8. The computer readable storage medium of claim 6, further comprising:
when the reference indicator is set and the re-reference indicator is clear in the second entry of the plurality of entries, replacing the second page in the main memory with the first page.
9. The computer readable storage medium of claim 8, further comprising:
when the reference indicator is set and the re-reference indicator is clear in the second entry, setting a valid indicator in a first entry of the plurality of entries, wherein the first entry is associated with the first page.
10. The computer readable storage medium of claim 6, further comprising:
when both the reference indicator and the re-reference indicator are set in the second entry, clearing the reference indicator and the re-reference indicator.
11. A computer readable storage medium encoded with a page table, wherein the page table comprises at least one entry associated with at least one respective page, wherein the at least one entry comprises:
a reference indicator, wherein a memory management unit is to set the reference indicator when the respective page is accessed in main memory; and
a re-reference indicator, wherein the memory management unit is to set the re-reference indicator when the respective page is accessed in main memory and the reference indicator was previously set.
12. The computer readable storage medium of claim 11, wherein a virtual memory manager is to replace the respective page in main memory with a second page from secondary storage when both the reference indicator and re-reference indicator are clear.
13. The computer readable storage medium of claim 11, wherein a virtual memory manager is to replace the respective page in main memory with a second page from secondary storage when the reference indicator is set and the re-reference indicator is clear.
14. The computer readable storage medium of claim 11, wherein a virtual memory manager is to clear both the reference indicator and the re-reference indicator when all pages in the main memory are in use and both the reference indicator and the re-reference indicator are set.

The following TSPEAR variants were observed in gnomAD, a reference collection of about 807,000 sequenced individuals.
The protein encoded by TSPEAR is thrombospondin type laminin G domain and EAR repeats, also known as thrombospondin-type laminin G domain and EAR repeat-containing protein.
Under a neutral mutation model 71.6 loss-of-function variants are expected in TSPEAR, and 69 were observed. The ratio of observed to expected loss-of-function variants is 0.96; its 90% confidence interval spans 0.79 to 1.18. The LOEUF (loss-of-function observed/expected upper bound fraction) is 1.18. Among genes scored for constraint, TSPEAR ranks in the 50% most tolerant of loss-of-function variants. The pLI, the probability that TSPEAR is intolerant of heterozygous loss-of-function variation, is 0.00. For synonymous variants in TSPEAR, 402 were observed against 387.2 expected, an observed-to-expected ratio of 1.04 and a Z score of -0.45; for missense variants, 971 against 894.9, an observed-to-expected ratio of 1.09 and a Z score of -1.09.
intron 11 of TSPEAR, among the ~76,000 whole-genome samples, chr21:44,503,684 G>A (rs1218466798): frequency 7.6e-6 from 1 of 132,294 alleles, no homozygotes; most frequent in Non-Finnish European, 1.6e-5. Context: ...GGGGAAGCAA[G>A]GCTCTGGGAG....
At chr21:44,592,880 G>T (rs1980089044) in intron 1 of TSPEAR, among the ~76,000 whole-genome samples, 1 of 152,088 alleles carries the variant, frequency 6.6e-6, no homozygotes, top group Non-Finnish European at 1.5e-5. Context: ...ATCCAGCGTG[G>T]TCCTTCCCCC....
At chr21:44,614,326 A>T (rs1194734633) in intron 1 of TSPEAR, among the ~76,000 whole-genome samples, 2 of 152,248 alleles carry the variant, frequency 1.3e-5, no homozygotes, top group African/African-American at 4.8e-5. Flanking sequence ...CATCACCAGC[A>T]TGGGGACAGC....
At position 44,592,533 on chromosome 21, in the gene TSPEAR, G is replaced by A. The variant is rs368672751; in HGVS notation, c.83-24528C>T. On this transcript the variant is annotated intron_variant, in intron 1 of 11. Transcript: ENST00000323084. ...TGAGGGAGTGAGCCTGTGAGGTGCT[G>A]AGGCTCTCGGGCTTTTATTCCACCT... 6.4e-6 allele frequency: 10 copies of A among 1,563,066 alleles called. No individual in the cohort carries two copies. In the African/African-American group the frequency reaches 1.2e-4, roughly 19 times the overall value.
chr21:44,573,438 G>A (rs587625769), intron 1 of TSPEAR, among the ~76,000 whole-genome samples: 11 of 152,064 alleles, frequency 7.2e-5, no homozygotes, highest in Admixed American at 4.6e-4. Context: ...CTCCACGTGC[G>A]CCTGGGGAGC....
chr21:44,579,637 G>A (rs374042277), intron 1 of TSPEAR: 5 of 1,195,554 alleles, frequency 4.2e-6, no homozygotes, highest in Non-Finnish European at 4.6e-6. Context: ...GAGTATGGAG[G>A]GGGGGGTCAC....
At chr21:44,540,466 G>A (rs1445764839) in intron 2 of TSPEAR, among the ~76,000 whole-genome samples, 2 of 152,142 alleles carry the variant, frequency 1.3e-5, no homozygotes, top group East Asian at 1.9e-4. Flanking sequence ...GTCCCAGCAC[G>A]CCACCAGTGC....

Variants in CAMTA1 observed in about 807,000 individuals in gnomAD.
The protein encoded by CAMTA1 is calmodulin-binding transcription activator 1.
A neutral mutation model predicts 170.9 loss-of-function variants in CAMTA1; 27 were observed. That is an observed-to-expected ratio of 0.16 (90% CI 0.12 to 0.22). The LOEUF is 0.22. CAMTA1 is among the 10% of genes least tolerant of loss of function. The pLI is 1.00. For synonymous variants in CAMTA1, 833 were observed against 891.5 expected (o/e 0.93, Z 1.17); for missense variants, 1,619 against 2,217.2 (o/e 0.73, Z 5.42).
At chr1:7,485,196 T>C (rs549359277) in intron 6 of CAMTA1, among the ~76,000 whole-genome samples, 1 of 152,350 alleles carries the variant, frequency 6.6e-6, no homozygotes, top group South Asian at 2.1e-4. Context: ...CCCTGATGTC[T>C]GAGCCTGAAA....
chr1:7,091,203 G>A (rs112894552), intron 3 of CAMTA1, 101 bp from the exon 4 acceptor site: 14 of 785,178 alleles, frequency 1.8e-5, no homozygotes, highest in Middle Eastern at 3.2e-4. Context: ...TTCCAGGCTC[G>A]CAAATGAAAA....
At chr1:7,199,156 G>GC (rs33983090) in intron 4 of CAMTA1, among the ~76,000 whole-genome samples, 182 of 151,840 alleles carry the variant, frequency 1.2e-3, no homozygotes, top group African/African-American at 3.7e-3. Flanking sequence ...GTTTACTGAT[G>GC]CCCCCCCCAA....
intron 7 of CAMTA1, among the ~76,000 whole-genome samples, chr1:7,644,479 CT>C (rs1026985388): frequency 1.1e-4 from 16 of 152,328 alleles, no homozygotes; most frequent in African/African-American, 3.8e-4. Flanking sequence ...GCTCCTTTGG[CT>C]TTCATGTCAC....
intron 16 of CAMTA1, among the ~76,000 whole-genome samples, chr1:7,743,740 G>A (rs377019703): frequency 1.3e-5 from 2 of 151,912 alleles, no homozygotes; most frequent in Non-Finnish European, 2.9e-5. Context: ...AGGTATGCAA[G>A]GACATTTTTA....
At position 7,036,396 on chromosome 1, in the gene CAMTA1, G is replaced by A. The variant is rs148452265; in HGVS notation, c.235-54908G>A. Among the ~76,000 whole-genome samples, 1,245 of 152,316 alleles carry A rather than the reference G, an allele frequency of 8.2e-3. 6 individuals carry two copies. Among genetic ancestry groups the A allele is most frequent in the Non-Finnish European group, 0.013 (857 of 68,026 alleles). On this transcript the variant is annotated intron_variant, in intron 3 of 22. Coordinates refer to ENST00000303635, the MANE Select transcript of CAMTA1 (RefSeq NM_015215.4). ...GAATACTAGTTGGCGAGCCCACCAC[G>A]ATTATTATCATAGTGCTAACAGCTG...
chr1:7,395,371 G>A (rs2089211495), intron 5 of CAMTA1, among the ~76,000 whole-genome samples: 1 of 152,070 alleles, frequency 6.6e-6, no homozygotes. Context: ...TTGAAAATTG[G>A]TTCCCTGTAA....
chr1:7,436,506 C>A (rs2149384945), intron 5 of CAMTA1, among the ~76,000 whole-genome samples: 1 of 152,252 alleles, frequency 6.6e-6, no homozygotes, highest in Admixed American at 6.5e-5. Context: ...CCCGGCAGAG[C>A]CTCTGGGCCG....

15. A processor comprising:
a page table comprising a plurality of entries, wherein each of the plurality of entries has a reference indicator and a re-reference indicator; and
a memory management utility to
set the reference indicator when an associated page is accessed in main memory and the reference indicator was previously clear, and
set the re-reference indicator when the associated page is accessed in the main memory and the reference indicator was previously set.
16. The processor of claim 15, wherein the memory management utility is further to determine whether to raise an interrupt to a virtual memory manager when an address associated with an instruction is not in the main memory.
17. An electronic device comprising:
a processor that
sets a reference indicator in a page table entry when an associated page is accessed in main memory and the reference indicator was previously clear, and
sets a re-reference indicator in the page table entry when the associated page is accessed in the main memory and the reference indicator was previously set; and
secondary storage encoded with a virtual memory manager that clears the reference indicator and the re-reference indicator if both the reference indicator and the re-reference indicator are set, the main memory is full, and a new page from the secondary storage is accessed.
18. The electronic device of claim 17, wherein the virtual memory manager further:
replaces the associated page in the main memory with the new page when both the reference indicator and the re-reference indicator are clear.
19. The electronic device of claim 17, wherein the virtual memory manager further:
replaces the associated page in the main memory with the new page when the reference indicator is set and the re-reference indicator is clear.
Description
LIMITED COPYRIGHT WAIVER